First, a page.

PARENTS from Sheffield are celebrating after protesters won a High Court challenge against plans to axe the county’s nearest children’s heart unit, writes Richard Blackledge.
The protest group Save Our Surgery brought the case against the NHS Joint Committee of Primary Care Trusts, claiming the consultation over plans to remove children’s heart surgery services from Leeds was ‘unlawful’.
Judge Mrs Justice Davies, sitting at the High Court in London, allowed the appeal, and will announce crucial decisions about what happens next later this month.
Mum Amy Brocklebank, aged 25, from Stannington, said she felt ‘absolutely ecstatic’ following the decision.
She has been a regular visitor to Leeds since her little boy, Louis, one, was diagnosed with two holes in his heart.
She said: “I’m hoping they take a complete, fresh look at it again and start at the beginning. A heart unit in Leeds means everything to us.
“Louis stops breathing on a regular basis – it takes 30 or 40 minutes to get to Leeds, it would be two hours if he had to get to Newcastle.
“That’s his life you’re playing with.”
Alison Ball, from Greenhill, whose 14-year-old daughter Amy has undergone open heart surgery twice, said the ruling was ‘fantastic news’.
“It’s a massive victory for all the patients and the clinicians and especially the children who have been fighting for so long,” she said.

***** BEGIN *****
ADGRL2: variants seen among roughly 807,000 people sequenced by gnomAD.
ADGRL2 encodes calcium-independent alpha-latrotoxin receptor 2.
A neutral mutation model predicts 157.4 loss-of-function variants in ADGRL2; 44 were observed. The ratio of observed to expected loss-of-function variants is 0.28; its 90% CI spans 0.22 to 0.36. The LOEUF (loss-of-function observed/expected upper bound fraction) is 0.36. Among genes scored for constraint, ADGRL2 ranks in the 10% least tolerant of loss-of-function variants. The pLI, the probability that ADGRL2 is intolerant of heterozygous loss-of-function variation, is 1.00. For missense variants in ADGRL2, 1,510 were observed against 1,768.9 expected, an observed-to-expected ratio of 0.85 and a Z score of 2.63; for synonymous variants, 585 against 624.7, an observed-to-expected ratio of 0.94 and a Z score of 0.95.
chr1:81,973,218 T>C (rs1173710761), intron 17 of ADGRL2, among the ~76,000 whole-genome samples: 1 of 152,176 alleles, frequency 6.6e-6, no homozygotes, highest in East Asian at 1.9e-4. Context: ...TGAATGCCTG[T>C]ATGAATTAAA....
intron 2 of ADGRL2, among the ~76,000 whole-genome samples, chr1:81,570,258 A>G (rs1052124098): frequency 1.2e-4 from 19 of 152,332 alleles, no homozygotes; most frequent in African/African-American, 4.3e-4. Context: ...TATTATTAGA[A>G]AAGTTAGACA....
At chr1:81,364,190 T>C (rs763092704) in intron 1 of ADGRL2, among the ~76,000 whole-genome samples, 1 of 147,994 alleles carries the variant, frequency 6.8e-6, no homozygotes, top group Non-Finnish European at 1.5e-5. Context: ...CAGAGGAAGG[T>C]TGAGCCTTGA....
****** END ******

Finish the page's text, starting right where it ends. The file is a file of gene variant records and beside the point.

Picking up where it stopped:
“I hope the outcome is that they carry out a proper consultation, taking the views of parents and children into account.
“I know it doesn’t necessarily mean Leeds will stay open, and obviously parents are happy to travel as far as they need for their children to get the right care, but this is such a big step.
“It’s vital we have something near to South Yorkshire.”
Cassie Symms, aged 29, from Dinnington, also welcomed the news.
Her son Zander, two, has a leaking heart valve, and Cassie said she would be ‘devastated’ if the Leeds unit closed.
Sharon Cheng, from Save Our Surgery, said campaigners were ‘pleased and relieved’, and the ruling proved the consultation was merely a ‘rubber-stamping exercise’.
But Sir Neil McKay, chair of the joint committee, said he was ‘very disappointed’ and an appeal would be ‘strongly considered’.
In court, Save Our Surgery argued the consultation was flawed as Leeds General Infirmary was not shown a set of scores which could have helped it make a better case for survival.
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